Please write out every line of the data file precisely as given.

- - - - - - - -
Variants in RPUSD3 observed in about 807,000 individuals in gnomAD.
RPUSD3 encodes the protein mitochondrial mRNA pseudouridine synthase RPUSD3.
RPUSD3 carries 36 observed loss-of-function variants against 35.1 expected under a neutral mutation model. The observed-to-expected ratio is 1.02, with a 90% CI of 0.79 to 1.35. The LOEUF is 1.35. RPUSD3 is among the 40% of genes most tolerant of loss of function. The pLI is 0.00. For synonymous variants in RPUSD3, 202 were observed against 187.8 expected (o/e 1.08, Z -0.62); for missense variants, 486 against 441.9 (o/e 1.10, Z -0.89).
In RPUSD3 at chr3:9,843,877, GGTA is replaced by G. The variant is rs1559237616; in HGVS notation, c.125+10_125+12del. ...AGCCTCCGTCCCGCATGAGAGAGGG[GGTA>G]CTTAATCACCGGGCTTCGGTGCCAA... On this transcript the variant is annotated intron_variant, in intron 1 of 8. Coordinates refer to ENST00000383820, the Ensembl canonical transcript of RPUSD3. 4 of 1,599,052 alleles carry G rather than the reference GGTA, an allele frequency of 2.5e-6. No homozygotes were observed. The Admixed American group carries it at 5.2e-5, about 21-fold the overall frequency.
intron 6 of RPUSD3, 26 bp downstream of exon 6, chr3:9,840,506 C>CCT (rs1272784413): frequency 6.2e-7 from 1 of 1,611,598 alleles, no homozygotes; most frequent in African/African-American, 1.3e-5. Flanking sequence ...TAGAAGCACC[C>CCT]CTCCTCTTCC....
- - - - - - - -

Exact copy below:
Variants in RPUSD3 observed in about 807,000 individuals in gnomAD.
RPUSD3 encodes the protein mitochondrial mRNA pseudouridine synthase RPUSD3.
RPUSD3 carries 36 observed loss-of-function variants against 35.1 expected under a neutral mutation model. The observed-to-expected ratio is 1.02, with a 90% CI of 0.79 to 1.35. The LOEUF is 1.35. RPUSD3 is among the 40% of genes most tolerant of loss of function. The pLI is 0.00. For synonymous variants in RPUSD3, 202 were observed against 187.8 expected (o/e 1.08, Z -0.62); for missense variants, 486 against 441.9 (o/e 1.10, Z -0.89).
In RPUSD3 at chr3:9,843,877, GGTA is replaced by G. The variant is rs1559237616; in HGVS notation, c.125+10_125+12del. ...AGCCTCCGTCCCGCATGAGAGAGGG[GGTA>G]CTTAATCACCGGGCTTCGGTGCCAA... On this transcript the variant is annotated intron_variant, in intron 1 of 8. Coordinates refer to ENST00000383820, the Ensembl canonical transcript of RPUSD3. 4 of 1,599,052 alleles carry G rather than the reference GGTA, an allele frequency of 2.5e-6. No homozygotes were observed. The Admixed American group carries it at 5.2e-5, about 21-fold the overall frequency.
intron 6 of RPUSD3, 26 bp downstream of exon 6, chr3:9,840,506 C>CCT (rs1272784413): frequency 6.2e-7 from 1 of 1,611,598 alleles, no homozygotes; most frequent in African/African-American, 1.3e-5. Flanking sequence ...TAGAAGCACC[C>CCT]CTCCTCTTCC....